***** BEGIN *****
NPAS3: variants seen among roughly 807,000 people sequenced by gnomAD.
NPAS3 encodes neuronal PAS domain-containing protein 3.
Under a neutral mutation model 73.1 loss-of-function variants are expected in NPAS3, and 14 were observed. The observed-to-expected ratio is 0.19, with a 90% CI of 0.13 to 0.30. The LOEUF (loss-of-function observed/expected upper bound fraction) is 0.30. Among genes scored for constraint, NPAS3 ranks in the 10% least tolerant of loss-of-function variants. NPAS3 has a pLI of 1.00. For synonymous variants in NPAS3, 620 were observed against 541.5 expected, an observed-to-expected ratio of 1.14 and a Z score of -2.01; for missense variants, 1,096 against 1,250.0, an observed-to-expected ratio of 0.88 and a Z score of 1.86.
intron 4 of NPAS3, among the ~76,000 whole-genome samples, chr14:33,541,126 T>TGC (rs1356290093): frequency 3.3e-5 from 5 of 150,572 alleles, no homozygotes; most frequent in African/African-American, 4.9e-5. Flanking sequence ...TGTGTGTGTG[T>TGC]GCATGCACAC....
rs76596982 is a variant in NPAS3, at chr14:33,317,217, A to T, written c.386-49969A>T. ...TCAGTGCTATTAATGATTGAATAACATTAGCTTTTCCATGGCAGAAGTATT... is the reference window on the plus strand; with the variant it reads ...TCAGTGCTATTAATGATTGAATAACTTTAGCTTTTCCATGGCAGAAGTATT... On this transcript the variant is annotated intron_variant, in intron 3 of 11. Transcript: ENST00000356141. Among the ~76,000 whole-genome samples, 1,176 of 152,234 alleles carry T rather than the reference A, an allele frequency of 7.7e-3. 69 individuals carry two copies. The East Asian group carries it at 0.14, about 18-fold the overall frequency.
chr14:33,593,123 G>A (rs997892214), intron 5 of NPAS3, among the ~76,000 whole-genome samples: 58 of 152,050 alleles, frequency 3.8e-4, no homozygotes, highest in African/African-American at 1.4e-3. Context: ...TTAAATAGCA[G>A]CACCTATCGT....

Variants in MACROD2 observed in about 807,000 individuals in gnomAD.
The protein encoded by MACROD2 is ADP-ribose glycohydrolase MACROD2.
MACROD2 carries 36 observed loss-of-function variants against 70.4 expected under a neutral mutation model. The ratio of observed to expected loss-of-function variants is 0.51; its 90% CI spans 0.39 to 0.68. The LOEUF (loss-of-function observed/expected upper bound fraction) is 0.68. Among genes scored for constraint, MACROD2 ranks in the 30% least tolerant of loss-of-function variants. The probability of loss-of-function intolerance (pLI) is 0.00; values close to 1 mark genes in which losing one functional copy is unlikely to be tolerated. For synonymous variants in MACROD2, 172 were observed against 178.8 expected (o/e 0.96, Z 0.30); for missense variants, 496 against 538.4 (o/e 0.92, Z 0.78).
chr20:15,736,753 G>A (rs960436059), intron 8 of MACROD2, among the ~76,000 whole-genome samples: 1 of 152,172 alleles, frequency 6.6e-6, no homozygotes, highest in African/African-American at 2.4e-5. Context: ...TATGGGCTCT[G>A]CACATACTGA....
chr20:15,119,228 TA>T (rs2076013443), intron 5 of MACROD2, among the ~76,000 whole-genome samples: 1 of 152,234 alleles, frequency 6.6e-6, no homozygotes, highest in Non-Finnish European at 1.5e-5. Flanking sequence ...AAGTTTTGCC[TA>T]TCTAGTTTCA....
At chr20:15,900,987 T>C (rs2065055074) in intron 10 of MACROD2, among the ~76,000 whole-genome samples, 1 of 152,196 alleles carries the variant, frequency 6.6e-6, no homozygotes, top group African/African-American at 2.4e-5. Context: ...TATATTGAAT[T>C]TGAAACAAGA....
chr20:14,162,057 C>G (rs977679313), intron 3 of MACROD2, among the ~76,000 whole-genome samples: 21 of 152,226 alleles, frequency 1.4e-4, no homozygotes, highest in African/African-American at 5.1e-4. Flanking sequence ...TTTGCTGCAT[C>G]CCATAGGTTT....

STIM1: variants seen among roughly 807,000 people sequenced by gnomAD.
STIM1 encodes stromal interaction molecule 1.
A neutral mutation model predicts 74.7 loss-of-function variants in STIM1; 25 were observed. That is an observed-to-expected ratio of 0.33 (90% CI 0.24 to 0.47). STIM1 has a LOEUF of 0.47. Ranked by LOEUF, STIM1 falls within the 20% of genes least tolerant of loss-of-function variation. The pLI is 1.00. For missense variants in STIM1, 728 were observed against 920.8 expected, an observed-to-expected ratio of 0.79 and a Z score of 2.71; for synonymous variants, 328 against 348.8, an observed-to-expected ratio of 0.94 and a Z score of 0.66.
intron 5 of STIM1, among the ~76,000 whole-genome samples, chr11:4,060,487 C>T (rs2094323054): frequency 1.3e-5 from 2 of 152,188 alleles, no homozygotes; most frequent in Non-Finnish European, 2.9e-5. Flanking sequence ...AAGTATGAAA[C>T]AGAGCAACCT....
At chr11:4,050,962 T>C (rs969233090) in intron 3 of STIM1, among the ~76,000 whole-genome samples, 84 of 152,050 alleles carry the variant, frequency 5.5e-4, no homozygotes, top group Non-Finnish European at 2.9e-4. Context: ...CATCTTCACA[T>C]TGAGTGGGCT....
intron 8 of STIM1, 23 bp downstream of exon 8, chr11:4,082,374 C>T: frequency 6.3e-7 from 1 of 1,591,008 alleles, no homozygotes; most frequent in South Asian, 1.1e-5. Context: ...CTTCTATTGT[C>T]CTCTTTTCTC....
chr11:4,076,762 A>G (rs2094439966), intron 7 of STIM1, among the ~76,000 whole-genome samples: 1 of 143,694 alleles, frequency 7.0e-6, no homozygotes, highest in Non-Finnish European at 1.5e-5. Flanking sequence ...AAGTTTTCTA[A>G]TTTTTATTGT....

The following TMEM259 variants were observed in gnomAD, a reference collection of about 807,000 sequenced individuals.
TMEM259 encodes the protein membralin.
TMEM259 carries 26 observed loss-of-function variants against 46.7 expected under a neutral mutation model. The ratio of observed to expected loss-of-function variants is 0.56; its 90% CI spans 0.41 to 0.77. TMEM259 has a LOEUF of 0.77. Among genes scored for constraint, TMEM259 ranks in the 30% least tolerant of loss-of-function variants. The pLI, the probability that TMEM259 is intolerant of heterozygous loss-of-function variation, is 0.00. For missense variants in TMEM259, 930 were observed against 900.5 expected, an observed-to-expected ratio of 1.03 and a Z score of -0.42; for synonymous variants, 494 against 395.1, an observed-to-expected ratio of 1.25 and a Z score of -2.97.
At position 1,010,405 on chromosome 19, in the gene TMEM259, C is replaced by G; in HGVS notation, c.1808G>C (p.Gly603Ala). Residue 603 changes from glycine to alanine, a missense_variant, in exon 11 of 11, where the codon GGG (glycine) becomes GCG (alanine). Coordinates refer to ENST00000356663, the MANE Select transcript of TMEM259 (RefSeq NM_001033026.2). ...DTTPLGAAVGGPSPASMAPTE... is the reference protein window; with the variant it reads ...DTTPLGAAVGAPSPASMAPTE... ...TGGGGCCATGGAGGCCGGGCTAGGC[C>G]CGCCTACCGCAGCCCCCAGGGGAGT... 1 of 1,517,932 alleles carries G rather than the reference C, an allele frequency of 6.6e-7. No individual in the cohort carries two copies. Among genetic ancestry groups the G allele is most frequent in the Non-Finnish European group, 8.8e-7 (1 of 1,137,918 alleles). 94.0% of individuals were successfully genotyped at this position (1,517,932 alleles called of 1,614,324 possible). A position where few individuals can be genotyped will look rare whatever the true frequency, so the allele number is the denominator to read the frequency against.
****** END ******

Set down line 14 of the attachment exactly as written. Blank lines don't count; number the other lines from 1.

STIM1: variants seen among roughly 807,000 people sequenced by gnomAD.